Conflicts of Interest

The authors declare no conflict of interest.


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Sample Availability: Essential oil samples are not available from the authors.
Figure 1. Dendrogram obtained from the agglomerative hierarchical cluster analysis of Piper nigrum oils. Entries in bold font are from this study.
Figure 1. Dendrogram obtained from the agglomerative hierarchical cluster analysis of Piper nigrum oils. Entries in bold font are from this study.
Molecules 24 04244 g001
Table 1. Chemical compositions of Piper nigrum fruit volatile oils from the Aromatic Plant Research Center (APRC) collection.
Table 1. Chemical compositions of Piper nigrum fruit volatile oils from the Aromatic Plant Research Center (APRC) collection.
RI aRI bCompoundD170201AFO170518YFO170518ZRe180525FDT162718
921921Tricyclene------------tr c
10691065cis-Sabinene hydrate---------0.10.1
11001098trans-Sabinene hydrate------------0.1
13691369Cyclosativene d0.2------0.10.1
14841484Germacrene D2.
15611559Germacrene B0.10.20.1------
15821582Caryophyllene oxide0.
16081608Humulene epoxide II---0.1---------
16391644allo-Aromadendrene epoxidetr------------
16441644α-Muurolol (=δ-Cadinol)---------0.30.1
Monoterpene hydrocarbons80.163.569.259.269.9
Oxygenated monoterpenoids1.
Sesquiterpene hydrocarbons17.033.329.237.728.2
Oxygenated sesquiterpenoids1.
Total identified99.799.399.799.599.7
a RI = “Retention Index” determined in reference to a homologous series of n-alkanes. b Retention indices from the databases [22,23]. c tr = “trace” (<0.05%). d This compound may be cyclocopacamphene, an epimer of cyclosativene.
Table 2. Chemical compositions of Piper nigrum fruit volatile oils cultivated in Pará State, Brazil.
Table 2. Chemical compositions of Piper nigrum fruit volatile oils cultivated in Pará State, Brazil.
RI aRI bCompoundBragantinaCingapuraClonadaEquadorGuajarinaUthirankota
10421044(E)-β-Ocimenetr ctrtr0.1---0.3
10611065cis-Sabinene hydrate0.2---
12081214Linalyl formate---0.1------------
13441346α-Terpinyl acetate0.1---------------
14781484Germacrene D---tr---0.1tr---
15541559Germacrene B---------0.1------
15821582Caryophyllene oxide0.
16071608Humulene epoxide II---------0.3------
16441644α-Muurolol (=δ-Cadinol)1.3trtr---------
19301929Musk ambrette---0.2------------
Monoterpene hydrocarbons84.476.687.677.989.588.0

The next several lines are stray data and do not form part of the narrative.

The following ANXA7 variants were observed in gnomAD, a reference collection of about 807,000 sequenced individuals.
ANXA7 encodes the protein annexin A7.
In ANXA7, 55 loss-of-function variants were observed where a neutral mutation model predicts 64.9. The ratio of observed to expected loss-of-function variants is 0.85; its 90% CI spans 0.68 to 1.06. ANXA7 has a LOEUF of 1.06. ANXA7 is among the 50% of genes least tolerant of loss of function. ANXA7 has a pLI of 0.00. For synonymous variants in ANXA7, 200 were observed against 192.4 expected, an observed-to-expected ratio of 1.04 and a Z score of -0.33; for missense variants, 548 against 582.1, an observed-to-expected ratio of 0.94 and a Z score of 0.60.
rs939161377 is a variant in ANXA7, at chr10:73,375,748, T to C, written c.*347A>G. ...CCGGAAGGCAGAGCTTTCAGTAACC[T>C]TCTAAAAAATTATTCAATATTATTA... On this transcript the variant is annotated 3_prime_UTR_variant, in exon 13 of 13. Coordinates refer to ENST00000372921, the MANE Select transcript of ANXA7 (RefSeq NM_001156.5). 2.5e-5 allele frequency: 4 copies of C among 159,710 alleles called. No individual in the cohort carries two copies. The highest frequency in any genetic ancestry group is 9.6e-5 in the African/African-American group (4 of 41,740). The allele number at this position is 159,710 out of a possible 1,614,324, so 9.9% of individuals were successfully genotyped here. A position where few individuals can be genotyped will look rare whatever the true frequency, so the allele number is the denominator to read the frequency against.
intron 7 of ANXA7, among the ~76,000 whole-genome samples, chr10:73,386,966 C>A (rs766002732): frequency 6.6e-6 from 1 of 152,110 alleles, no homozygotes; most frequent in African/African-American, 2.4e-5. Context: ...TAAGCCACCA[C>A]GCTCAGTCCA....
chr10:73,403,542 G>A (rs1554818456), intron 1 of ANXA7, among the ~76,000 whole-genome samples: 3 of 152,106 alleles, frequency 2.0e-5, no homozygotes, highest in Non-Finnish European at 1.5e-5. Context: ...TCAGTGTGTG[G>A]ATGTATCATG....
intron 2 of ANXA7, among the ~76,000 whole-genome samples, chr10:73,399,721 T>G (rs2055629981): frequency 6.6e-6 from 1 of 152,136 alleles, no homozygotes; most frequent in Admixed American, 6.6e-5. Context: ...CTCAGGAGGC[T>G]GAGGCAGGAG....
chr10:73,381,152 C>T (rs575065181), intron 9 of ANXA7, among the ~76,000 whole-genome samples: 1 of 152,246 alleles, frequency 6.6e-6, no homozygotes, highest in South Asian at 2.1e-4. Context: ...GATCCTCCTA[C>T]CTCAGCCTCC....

Oxygenated monoterpenoids3.
Sesquiterpene hydrocarbons8.917.
Oxygenated sesquiterpenoids2.
Total identified99.999.599.099.999.899.9
a RI = “Retention Index” determined in reference to a homologous series of n-alkanes. b Retention indices from the databases [22,23]. c tr = “trace” (<0.05%).
Table 3. Chemical compositions (major components, %) of Piper nigrum volatile oils reported in the literature.
Table 3. Chemical compositions (major components, %) of Piper nigrum volatile oils reported in the literature.
Compoundα-Thujeneα-PineneCampheneSabineneβ-PineneMyrceneα-Phellandreneδ-3-Carenep-CymeneLimoneneβ-Phellandrene(E)-β-OcimeneTerpinoleneLinaloolδ-Elemeneα-Cubebeneα-Copaeneβ-Elemeneβ-Caryophylleneα-Guaieneα-HumuleneGermacrene Dβ-Selineneα-Selineneβ-Bisaboleneα-Farneseneδ-CadineneElemolCaryophyllene oxide
Balankotta [29]020.900013.5011.78.225.2000000007.70000000000
Brazil, CO2 [20]14.1011.
Subh-90 [26]
Subh-91 [26]
Subh-92 [26]
Cameroon [1]
Sree-III [27]tr4.
Uthir-1st [28]
Kari-90 [30]
Kari-91 [30]tr50.1014.30.82.8210.619.70tr0tr02.20020.60tr00.10.12.900.20.90.4
Kari-93 [30]
Madagascar [24]025.40.8015.70010.81210000.61.500000000000000
Thom-90 [29]0.812.
Market [29]2.4100024.415.200026.5000003.5002.40000004.6006.2
Pann-1 [29]37.70021.
Pann-5 [29]2.87.10022.312.302.3020.30000020017.800000016.7000
Aimp-3rd [28]
Orav 2004 [3]
Bagheri 2014 [5]1.480.313.
Thev-90 [26]1.13.8tr10.58.300.75.30.313.70tr0.10.4
Thev-91 [26]1.25.2tr16.28.700.65.50.51800.20.10.2
Thev-92 [26]0.51.9tr4.
Poon-90 [26]
Poon-91 [26]
Poon-92 [26]0.830.17.864.11.57.3014.90tr0.10.5
Valia-90 [26]
Valia-91 [26]
Valiai-92 [26]
S.Tome e Principe [25]
Market (India) [2]
Sree-I [27]tr5.50.24.311.
Sree-II [27]
Kuch-I [27]tr5.4tr13.30000.4014.5000.10.4
Kuch-II [27]
Vell-I [27]
Vell-II [27]
Vell-III [27]
Aimp-1st [28]0.98.4tr27.59.20tr0.10.519.80tr0.30.20tr
Aimp-2nd [28]
Naray-1st [28]2.75.9tr24.68.700.32.30.415.500.10.10.50tr
Naray-2nd [28]0.36.4tr4.415.
Naray-3rd [28]
Neel-1st [28]
Neel-2nd [28]
Neel-3rd [28]2.24.7tr23.
Uthir-2nd [28]
Kott-90 [31]
Kott-91 [31]
Kott-92 [31]13tr11.27.500.2tr0.112.700.
Ott-90 [31]
Ott-91 [31]
Ott-92 [31]
Kuth-90 [31]
Kuth-92 [31]
Cher-90 [31]
Cher-91 [31]3.640.122.37.702.65.41.515.
Cher-92 [31]
Kall-90 [30]tr10.10.4811.709.80.9018.
Kall-91 [30]
Kall-93 [30]
Thom-91 [30]
Thom-93 [30]0.711.
Arak-90 [30]
Arak-91 [30]
Arak-93 [30]0.62.4tr6.
Table 4. Concentration (%) of centroids used in the cluster analysis of Piper nigrum oils.
Table 4. Concentration (%) of centroids used in the cluster analysis of Piper nigrum oils.
CompoundCluster 1Cluster 2Cluster 3Cluster 4
Germacrene D0.0120.0150.4650.014
Caryophyllene oxide1.9231.1820.8631.135

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Dosoky, N.S.; Satyal, P.; Barata, L.M.; da Silva, J.K.R.; Setzer, W.N. Volatiles of Black Pepper Fruits (Piper nigrum L.). Molecules 2019, 24, 4244.

AMA Style

Dosoky NS, Satyal P, Barata LM, da Silva JKR, Setzer WN. Volatiles of Black Pepper Fruits (Piper nigrum L.). Molecules. 2019; 24(23):4244.

Chicago/Turabian Style

Dosoky, Noura S., Prabodh Satyal, Luccas M. Barata, Joyce Kelly R. da Silva, and William N. Setzer. 2019. "Volatiles of Black Pepper Fruits (Piper nigrum L.)" Molecules 24, no. 23: 4244.